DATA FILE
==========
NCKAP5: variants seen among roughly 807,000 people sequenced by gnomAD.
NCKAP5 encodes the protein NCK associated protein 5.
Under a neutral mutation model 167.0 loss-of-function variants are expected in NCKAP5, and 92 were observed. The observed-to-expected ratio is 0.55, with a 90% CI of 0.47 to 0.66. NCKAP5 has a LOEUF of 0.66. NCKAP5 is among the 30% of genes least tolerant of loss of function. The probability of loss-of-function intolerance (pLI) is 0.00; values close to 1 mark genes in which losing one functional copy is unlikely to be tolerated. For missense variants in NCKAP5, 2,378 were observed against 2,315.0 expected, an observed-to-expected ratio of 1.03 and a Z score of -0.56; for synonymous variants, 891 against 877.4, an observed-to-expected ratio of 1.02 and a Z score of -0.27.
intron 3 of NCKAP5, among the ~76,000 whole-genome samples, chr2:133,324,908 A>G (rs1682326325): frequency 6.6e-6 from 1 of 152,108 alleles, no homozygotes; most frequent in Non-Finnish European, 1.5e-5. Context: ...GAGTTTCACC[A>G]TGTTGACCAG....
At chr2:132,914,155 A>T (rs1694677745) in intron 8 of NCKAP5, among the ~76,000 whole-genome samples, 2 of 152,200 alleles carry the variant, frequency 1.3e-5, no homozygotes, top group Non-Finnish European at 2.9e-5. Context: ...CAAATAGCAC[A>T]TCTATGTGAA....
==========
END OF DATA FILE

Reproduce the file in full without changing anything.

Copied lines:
NCKAP5: variants seen among roughly 807,000 people sequenced by gnomAD.
NCKAP5 encodes the protein NCK associated protein 5.
Under a neutral mutation model 167.0 loss-of-function variants are expected in NCKAP5, and 92 were observed. The observed-to-expected ratio is 0.55, with a 90% CI of 0.47 to 0.66. NCKAP5 has a LOEUF of 0.66. NCKAP5 is among the 30% of genes least tolerant of loss of function. The probability of loss-of-function intolerance (pLI) is 0.00; values close to 1 mark genes in which losing one functional copy is unlikely to be tolerated. For missense variants in NCKAP5, 2,378 were observed against 2,315.0 expected, an observed-to-expected ratio of 1.03 and a Z score of -0.56; for synonymous variants, 891 against 877.4, an observed-to-expected ratio of 1.02 and a Z score of -0.27.
intron 3 of NCKAP5, among the ~76,000 whole-genome samples, chr2:133,324,908 A>G (rs1682326325): frequency 6.6e-6 from 1 of 152,108 alleles, no homozygotes; most frequent in Non-Finnish European, 1.5e-5. Context: ...GAGTTTCACC[A>G]TGTTGACCAG....
At chr2:132,914,155 A>T (rs1694677745) in intron 8 of NCKAP5, among the ~76,000 whole-genome samples, 2 of 152,200 alleles carry the variant, frequency 1.3e-5, no homozygotes, top group Non-Finnish European at 2.9e-5. Context: ...CAAATAGCAC[A>T]TCTATGTGAA....